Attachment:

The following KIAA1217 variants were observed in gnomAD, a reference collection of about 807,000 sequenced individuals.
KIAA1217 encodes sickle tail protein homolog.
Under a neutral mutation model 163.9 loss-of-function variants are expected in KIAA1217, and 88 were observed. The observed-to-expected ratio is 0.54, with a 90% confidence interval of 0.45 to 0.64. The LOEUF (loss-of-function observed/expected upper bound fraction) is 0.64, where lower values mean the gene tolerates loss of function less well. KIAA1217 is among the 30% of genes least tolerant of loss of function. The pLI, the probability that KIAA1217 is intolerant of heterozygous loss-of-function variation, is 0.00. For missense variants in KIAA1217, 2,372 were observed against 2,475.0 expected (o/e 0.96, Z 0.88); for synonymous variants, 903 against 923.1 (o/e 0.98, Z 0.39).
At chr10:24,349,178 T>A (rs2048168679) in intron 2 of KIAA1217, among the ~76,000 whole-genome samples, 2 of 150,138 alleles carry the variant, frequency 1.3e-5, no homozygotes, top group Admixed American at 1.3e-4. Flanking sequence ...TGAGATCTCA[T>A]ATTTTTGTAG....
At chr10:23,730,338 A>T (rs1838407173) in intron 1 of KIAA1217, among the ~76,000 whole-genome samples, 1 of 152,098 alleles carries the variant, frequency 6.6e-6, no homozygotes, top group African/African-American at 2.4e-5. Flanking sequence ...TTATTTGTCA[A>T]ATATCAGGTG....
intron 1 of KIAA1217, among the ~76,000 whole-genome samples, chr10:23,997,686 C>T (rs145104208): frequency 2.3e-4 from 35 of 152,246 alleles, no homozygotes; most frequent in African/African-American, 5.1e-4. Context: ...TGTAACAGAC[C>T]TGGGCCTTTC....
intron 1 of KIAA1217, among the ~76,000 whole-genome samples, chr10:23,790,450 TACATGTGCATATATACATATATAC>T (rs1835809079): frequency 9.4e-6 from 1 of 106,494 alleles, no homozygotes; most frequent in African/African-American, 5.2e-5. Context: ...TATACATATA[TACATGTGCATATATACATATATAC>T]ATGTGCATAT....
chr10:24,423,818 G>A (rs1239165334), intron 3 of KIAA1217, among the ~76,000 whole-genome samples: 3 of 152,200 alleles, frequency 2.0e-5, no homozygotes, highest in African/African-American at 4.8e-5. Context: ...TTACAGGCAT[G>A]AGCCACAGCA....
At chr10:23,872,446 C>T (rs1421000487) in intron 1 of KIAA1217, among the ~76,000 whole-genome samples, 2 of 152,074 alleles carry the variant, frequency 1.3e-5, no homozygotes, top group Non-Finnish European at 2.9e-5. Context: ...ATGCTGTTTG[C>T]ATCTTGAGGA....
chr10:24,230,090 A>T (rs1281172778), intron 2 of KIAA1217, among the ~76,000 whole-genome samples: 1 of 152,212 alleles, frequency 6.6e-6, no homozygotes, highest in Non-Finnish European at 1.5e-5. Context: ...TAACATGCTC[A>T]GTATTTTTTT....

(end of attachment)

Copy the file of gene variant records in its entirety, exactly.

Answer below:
The following KIAA1217 variants were observed in gnomAD, a reference collection of about 807,000 sequenced individuals.
KIAA1217 encodes sickle tail protein homolog.
Under a neutral mutation model 163.9 loss-of-function variants are expected in KIAA1217, and 88 were observed. The observed-to-expected ratio is 0.54, with a 90% confidence interval of 0.45 to 0.64. The LOEUF (loss-of-function observed/expected upper bound fraction) is 0.64, where lower values mean the gene tolerates loss of function less well. KIAA1217 is among the 30% of genes least tolerant of loss of function. The pLI, the probability that KIAA1217 is intolerant of heterozygous loss-of-function variation, is 0.00. For missense variants in KIAA1217, 2,372 were observed against 2,475.0 expected (o/e 0.96, Z 0.88); for synonymous variants, 903 against 923.1 (o/e 0.98, Z 0.39).
At chr10:24,349,178 T>A (rs2048168679) in intron 2 of KIAA1217, among the ~76,000 whole-genome samples, 2 of 150,138 alleles carry the variant, frequency 1.3e-5, no homozygotes, top group Admixed American at 1.3e-4. Flanking sequence ...TGAGATCTCA[T>A]ATTTTTGTAG....
At chr10:23,730,338 A>T (rs1838407173) in intron 1 of KIAA1217, among the ~76,000 whole-genome samples, 1 of 152,098 alleles carries the variant, frequency 6.6e-6, no homozygotes, top group African/African-American at 2.4e-5. Flanking sequence ...TTATTTGTCA[A>T]ATATCAGGTG....
intron 1 of KIAA1217, among the ~76,000 whole-genome samples, chr10:23,997,686 C>T (rs145104208): frequency 2.3e-4 from 35 of 152,246 alleles, no homozygotes; most frequent in African/African-American, 5.1e-4. Context: ...TGTAACAGAC[C>T]TGGGCCTTTC....
intron 1 of KIAA1217, among the ~76,000 whole-genome samples, chr10:23,790,450 TACATGTGCATATATACATATATAC>T (rs1835809079): frequency 9.4e-6 from 1 of 106,494 alleles, no homozygotes; most frequent in African/African-American, 5.2e-5. Context: ...TATACATATA[TACATGTGCATATATACATATATAC>T]ATGTGCATAT....
chr10:24,423,818 G>A (rs1239165334), intron 3 of KIAA1217, among the ~76,000 whole-genome samples: 3 of 152,200 alleles, frequency 2.0e-5, no homozygotes, highest in African/African-American at 4.8e-5. Context: ...TTACAGGCAT[G>A]AGCCACAGCA....
At chr10:23,872,446 C>T (rs1421000487) in intron 1 of KIAA1217, among the ~76,000 whole-genome samples, 2 of 152,074 alleles carry the variant, frequency 1.3e-5, no homozygotes, top group Non-Finnish European at 2.9e-5. Context: ...ATGCTGTTTG[C>T]ATCTTGAGGA....
chr10:24,230,090 A>T (rs1281172778), intron 2 of KIAA1217, among the ~76,000 whole-genome samples: 1 of 152,212 alleles, frequency 6.6e-6, no homozygotes, highest in Non-Finnish European at 1.5e-5. Context: ...TAACATGCTC[A>T]GTATTTTTTT....